How easy will it be for a new user to navigate around the site? How much time will it take for them to be up to speed with all its functions? Will training be required and, if so, how can you make that easy and interesting? Nothing will turn a user away faster than a cumbersome system that they can’t figure out how to operate.

Is what you are creating flexible?

Can different users interact with the system in ways that make sense for their specific needs and abilities? If the interface is too rigid – if you design with a “my way or the highway” attitude -- users will become easily frustrated and navigate to something else.  

Are you creating a system that is memorable?

Not everyone uses an intranet every day. Some people might go days or weeks without needing to access the system. Others will be on it constantly. You need to design for both. If someone hasn’t visited the intranet in a while, how easy will it be for them to get back on? How can you make it easy for them to jump back in?

Is the intranet you are designing efficient?

How quickly can a busy user sign in, get what they need, and then get out? Nobody is going to embrace a time waster. A successful intranet has to come off as a valuable timesaving tool, not just another manifestation of company inefficiency.

Is the system robust?

Can users bounce back quickly from errors? Is there built-in support that will be sufficient to satisfy users? Or will frustrations run high if things go awry? Nothing runs smoothly every minute of every day. It is important to know the personas of your users and think about what mistakes they could make. Given those anticipated errors, will they be able to bounce back quickly so they don’t become fed up with the system?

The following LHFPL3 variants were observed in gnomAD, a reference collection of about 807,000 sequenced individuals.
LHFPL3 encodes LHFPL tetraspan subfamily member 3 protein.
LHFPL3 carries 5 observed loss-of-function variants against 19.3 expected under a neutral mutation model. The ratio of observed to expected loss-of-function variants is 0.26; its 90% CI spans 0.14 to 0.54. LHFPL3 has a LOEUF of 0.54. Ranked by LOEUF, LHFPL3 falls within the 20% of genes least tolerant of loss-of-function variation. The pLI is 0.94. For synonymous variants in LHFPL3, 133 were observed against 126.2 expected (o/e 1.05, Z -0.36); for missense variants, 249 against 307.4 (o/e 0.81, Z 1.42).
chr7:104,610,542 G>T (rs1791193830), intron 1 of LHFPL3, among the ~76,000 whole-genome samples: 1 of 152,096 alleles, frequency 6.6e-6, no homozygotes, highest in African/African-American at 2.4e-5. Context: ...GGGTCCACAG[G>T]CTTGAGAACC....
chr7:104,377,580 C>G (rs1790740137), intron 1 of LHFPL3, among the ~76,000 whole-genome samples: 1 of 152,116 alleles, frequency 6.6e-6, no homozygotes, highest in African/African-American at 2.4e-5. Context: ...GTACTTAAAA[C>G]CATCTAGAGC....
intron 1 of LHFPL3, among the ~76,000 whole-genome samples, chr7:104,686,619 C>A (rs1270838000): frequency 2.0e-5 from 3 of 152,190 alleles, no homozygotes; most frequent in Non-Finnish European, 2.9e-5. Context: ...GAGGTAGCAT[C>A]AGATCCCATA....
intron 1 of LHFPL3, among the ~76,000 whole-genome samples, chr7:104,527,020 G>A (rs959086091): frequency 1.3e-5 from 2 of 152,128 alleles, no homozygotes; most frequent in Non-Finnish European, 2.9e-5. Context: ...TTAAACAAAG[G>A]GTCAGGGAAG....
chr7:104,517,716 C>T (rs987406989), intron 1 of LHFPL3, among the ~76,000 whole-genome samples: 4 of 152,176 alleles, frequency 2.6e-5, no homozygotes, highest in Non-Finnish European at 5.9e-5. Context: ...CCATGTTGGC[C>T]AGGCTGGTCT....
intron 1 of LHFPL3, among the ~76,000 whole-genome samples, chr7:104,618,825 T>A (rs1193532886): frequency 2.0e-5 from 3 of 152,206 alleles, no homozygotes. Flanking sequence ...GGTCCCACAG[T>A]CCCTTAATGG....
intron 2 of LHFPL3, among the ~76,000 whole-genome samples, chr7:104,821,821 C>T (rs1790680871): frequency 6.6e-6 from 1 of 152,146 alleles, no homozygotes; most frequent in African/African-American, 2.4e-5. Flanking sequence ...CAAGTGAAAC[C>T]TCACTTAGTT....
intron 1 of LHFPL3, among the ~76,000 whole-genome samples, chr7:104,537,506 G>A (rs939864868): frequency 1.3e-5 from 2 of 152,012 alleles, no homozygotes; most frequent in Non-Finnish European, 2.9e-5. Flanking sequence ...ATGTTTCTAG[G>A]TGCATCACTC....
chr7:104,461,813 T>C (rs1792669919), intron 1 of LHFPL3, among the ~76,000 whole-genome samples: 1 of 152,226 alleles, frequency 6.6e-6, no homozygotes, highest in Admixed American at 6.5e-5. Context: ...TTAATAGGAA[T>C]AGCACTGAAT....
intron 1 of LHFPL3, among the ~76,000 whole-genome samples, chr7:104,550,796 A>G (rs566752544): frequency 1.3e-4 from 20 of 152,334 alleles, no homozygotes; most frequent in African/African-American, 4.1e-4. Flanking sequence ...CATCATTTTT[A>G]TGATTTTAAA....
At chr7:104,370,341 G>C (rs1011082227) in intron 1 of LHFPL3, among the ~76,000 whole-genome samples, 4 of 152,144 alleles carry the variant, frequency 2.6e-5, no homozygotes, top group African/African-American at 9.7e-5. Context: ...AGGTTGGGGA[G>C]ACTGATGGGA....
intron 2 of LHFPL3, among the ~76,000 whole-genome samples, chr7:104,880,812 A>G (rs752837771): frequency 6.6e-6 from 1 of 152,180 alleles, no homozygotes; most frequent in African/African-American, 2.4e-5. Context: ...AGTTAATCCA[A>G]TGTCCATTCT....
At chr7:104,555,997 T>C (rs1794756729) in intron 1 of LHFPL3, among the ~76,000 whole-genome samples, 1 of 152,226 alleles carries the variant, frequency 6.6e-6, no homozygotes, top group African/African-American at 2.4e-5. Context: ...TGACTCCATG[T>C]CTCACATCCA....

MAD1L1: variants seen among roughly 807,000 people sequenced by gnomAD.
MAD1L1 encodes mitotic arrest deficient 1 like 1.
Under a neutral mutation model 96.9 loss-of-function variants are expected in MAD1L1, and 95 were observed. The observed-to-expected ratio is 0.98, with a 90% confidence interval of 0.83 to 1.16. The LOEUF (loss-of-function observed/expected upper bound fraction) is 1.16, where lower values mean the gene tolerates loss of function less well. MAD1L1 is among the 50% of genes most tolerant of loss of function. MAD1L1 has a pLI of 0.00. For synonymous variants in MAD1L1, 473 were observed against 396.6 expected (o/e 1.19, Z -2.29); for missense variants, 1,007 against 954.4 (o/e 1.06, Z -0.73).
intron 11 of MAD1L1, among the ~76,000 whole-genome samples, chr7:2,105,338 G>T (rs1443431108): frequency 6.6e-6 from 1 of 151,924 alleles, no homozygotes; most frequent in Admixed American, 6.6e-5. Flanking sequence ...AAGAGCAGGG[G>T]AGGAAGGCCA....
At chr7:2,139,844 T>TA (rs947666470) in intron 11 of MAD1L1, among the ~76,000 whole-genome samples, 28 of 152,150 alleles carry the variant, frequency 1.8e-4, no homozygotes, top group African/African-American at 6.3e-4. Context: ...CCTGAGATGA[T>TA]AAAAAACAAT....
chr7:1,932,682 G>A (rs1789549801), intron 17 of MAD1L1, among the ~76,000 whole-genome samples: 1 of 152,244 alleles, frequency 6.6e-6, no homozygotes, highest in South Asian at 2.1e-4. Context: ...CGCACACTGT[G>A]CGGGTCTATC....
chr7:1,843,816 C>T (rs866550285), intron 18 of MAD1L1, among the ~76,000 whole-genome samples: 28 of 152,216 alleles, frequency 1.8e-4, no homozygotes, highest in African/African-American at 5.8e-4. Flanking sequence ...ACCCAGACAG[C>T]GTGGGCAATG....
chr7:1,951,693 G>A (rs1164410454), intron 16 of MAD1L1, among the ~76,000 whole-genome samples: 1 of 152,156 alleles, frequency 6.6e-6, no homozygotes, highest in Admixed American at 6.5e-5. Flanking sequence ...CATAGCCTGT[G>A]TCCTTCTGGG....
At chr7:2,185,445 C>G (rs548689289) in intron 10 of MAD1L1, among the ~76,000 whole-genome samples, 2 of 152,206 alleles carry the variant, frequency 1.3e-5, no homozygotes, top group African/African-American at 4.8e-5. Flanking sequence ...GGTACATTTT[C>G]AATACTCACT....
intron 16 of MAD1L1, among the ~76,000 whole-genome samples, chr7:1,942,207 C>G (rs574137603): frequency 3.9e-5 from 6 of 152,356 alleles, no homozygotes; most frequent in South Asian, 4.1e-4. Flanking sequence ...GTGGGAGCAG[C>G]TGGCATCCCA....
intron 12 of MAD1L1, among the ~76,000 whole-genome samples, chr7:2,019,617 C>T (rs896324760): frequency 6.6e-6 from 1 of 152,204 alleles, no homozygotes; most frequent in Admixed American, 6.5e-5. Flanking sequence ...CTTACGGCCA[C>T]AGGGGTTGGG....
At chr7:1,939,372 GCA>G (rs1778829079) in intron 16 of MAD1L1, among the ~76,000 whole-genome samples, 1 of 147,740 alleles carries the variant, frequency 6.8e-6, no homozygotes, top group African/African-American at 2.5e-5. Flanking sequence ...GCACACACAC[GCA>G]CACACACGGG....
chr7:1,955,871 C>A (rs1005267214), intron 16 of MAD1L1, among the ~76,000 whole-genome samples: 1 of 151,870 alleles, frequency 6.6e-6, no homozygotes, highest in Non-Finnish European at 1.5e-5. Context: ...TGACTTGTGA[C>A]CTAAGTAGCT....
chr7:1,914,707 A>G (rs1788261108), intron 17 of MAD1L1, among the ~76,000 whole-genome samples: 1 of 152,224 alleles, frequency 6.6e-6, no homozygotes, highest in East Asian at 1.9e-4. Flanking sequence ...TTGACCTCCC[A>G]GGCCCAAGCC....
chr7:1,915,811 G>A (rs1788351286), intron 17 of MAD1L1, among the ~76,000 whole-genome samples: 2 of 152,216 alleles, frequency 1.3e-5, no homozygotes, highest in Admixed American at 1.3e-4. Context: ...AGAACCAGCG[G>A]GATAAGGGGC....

Does the system enhance user lives in a positive way?

Are they satisfied with the intranet? Is their overall experience using the intranet enjoyable? Have you included elements that peak their interest and keep them engaged? Did you include any elements that promote camaraderie? Fun? A sense of being a part of a team?

Is the intranet pleasing to look at?

Does it have an inviting appearance? Functionality is important but so is attractiveness. The appearance of your intranet says a lot about your commitment to pleasing your users. Did you take the time to create a beautiful space people will enjoy visiting?

 

How 2Plus2 Information Architects Can Help

At 2Plus2 we approach every intranet design project from the perspective of usability. Through a methodology that helps is learn about users’ personas and by taking the time to understand your company’s specific goals and your employee’s unique needs, we have achieved the perfect balance to enhance user experience while meeting company goals.

When it’s time to marry that UX with design elements and technological ability, we put the pieces together so form seamlessly meets function.

Want to learn more? Reach out to us online or give us a call at 510-652-7700 today for a free onsultation.

 
 
Cathy Dew
Cathy Dew – CEO + Information Architect
Cathy focuses the company on our mission – Real results. Every time. Information architect and strategist, Cathy is passionate about making software work well – the function, the feel, the result.